So much SCOTUS, so little time. Here’s our take on two of the high court’s decisions from Monday.
By Lucy and Grace.
The Fisher v. University of Texas Supreme Court case reviewed the affirmative action plan of one public university – but its effects are far reaching.
When Abigail Fisher was denied admission to University of Texas – her top choice school – in 2008, she filed the lawsuit. The University of Texas, as well as other public colleges and universities in Texas, are known for their “Top Ten” plans, which allow “automatic admission to eligible students in the top 10% of their high school class.” In addition, they consider students “under standards that take account of academic achievement and other factors, including race and ethnicity.” Since Fisher was not admitted, she believes her race played a factor. Fisher is white. A 7-1 Supreme Court ruling in her case sent the case “back to the lower courts for further review.” By refusing to issue a formal decision, the Supreme Court sidestepped the major question: what do we do about affirmative action, and what does the future of the program look like?
In order to have a great job later in life, it’s important to receive an education. Huge racial discrepancies exist, however, throughout public school systems across America. In 2006, the Oprah Winfrey Show revealed vast differences between the academic experiences of students from Harper High School, a primarily African American high school located in a low-income area of Chicago, and Neuqua Valley High School in suburban Naperville, Illinois. Harper students visiting the Neuqua campus were stunned to see “an Olympic-size swimming pool, a gym and fitness center, an award winning music department, a huge computer lab, and a rigorous course curriculum” in place; when visiting classes, they struggled to keep up.
Harper graduates 40 percent of its students and Neuqua graduates 99 percent. There’s even a striking difference in state exam scores: only 16 percent of students at Harper meet reading standards, while 78 meet standards at Neuqua. When applying to a university without affirmative action, even some of Harper’s top scholars would have trouble gaining admission competing with a Neuqua Valley student. That isn’t fair. That’s important proof of why affirmative action programs exist and how they still serve students of diverse racial backgrounds.
Someday we may not need affirmative action. But in a world, and more specifically, a country, where racial discrimination still thrives, that’s not the case.
The decision in Vance v. Ball State University is highly contingent on precedents previously established by the courts in past years. It all started in 1998, when two cases established the guidelines for liability in terms of employment discrimination and harassment. In both, the courts held that if a victim suffered harassment by a supervisor, the employer was liable. However, the court ruled in the same year that if the victim was harassed by a fellow co-worker, the employer would not be liable unless the victim can prove the negligence of a supervisor to address the issue. This all pertains to the court’s interpretations of Title VII of the 1964 Civil Rights Act and its protections of victims of discrimination.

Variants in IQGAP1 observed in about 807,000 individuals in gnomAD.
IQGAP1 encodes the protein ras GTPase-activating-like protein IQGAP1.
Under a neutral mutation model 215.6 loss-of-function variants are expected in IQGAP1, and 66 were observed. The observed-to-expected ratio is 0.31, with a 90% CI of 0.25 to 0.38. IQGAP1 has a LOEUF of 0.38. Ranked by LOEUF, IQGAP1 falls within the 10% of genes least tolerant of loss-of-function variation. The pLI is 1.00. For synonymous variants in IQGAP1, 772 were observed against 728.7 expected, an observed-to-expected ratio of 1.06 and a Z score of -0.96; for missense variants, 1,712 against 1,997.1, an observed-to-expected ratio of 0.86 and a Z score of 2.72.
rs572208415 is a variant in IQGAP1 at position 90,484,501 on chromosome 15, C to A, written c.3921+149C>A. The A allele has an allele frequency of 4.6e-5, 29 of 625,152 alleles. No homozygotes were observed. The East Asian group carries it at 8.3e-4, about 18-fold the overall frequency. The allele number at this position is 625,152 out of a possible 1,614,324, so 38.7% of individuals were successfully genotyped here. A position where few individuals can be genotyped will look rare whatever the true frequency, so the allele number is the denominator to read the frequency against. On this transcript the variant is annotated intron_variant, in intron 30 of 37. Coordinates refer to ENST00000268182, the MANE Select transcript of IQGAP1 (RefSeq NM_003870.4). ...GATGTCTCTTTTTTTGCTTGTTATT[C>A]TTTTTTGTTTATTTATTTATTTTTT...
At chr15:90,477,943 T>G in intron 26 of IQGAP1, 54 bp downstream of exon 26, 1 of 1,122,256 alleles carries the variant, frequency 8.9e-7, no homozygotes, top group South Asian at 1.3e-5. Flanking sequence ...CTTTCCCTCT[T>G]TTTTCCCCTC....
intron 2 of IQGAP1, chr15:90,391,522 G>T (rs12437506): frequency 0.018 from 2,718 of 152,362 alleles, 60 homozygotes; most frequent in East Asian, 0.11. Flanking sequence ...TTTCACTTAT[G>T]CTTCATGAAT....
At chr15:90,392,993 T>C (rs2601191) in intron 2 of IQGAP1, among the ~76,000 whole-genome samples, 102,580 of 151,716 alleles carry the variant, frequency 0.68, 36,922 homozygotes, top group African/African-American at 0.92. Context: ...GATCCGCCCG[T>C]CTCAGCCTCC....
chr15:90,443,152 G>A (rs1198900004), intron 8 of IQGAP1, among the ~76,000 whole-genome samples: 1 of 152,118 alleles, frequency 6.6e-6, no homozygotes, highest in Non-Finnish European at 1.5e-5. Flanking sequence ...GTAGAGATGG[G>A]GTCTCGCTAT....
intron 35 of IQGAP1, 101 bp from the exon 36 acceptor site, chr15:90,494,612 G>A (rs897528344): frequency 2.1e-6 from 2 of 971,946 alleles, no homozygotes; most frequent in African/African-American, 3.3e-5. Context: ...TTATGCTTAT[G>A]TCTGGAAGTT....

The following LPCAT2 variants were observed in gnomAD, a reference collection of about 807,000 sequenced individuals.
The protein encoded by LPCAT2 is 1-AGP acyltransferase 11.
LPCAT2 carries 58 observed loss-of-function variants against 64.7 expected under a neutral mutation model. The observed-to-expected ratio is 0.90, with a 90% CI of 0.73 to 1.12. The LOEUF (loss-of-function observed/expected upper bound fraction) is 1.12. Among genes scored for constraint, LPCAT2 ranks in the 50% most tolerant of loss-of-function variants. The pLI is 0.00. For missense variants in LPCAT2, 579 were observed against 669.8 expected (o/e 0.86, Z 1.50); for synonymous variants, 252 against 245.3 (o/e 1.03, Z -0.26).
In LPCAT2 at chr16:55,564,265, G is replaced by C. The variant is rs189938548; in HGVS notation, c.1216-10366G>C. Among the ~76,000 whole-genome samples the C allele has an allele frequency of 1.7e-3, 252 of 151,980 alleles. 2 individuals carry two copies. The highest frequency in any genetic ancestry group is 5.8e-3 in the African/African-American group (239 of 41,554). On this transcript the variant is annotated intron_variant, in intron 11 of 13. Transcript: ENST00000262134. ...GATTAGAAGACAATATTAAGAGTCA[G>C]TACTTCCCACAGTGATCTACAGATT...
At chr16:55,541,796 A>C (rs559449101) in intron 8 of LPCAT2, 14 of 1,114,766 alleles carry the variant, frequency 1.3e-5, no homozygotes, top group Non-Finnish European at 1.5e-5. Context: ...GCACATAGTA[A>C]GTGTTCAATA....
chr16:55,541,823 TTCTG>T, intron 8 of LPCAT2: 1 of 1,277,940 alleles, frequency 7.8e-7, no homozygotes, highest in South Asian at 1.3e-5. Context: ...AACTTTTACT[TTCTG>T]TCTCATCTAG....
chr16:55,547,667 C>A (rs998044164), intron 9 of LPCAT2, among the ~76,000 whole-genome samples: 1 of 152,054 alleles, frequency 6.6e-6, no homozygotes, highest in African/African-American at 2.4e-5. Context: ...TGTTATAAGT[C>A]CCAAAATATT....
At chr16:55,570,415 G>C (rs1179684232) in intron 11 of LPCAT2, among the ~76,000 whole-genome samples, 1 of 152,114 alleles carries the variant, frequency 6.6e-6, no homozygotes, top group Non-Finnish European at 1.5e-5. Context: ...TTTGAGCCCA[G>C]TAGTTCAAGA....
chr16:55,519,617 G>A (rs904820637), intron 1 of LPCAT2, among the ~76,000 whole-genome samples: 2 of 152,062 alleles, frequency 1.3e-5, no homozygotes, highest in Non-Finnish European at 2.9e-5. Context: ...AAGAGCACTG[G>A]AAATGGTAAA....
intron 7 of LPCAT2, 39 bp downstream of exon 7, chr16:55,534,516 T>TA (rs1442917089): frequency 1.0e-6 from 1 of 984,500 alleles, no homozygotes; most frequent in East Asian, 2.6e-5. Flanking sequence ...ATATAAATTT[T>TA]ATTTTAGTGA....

Since the 1990’s, these decisions have left the specific definition of an employee’s “supervisor” as something to be decided on a case by case basis. Now, fast-forward to 2013: Vance, an African American employee at Ball State University and alleged victim of racially-fueled employment discrimination, challenged the definition and argued that any person that “has authority to control someone else’s daily activities and evaluate performance” is defined as a supervisor. Her employer, however, charged that someone must have “the ability to take a tangible action such as hiring, firing, or promoting [an] employee” in order to be defined as such. The Supreme Court’s 5-4 decision sided with Vance’s employer. Justice Alito defined a victim’s “supervisor” as only the employee who has the ability to cause “significant change in employment status, such as hiring, firing, failing to promote, reassignment with significantly different responsibilities, or a decision causing a significant change in benefits.” Because her immediate supervisor at Ball State University did not meet this description, Vance’s employer won the case, avoiding discrimination liability under Title VII. The dissenting opinions of Justices Ginsburg, Breyer, Sotomayor, and Kagan all acknowledged the detrimental effects this harsh decision will have on the intent of Title VII.
Because this decision so narrowly defines the role of supervisor in cases of employment harassment and discrimination, it has severely limited the legal authority of victims to bring lawsuits against discriminatory employers with any hope of protection under Title VII of the Civil Rights Act. Unless an employee’s direct supervisor is also the person responsible for their payroll, hiring, firing, etc., that employee has a slim chance of combating any case of discrimination or harassment. Taking into account the realities of many offices and workplaces and the often convoluted nature of supervisory roles – not to mention that women disproportionately experience workplace harassment- it is easy to see how the court’s new definition of “supervisor” is a blow to the rights of workers.
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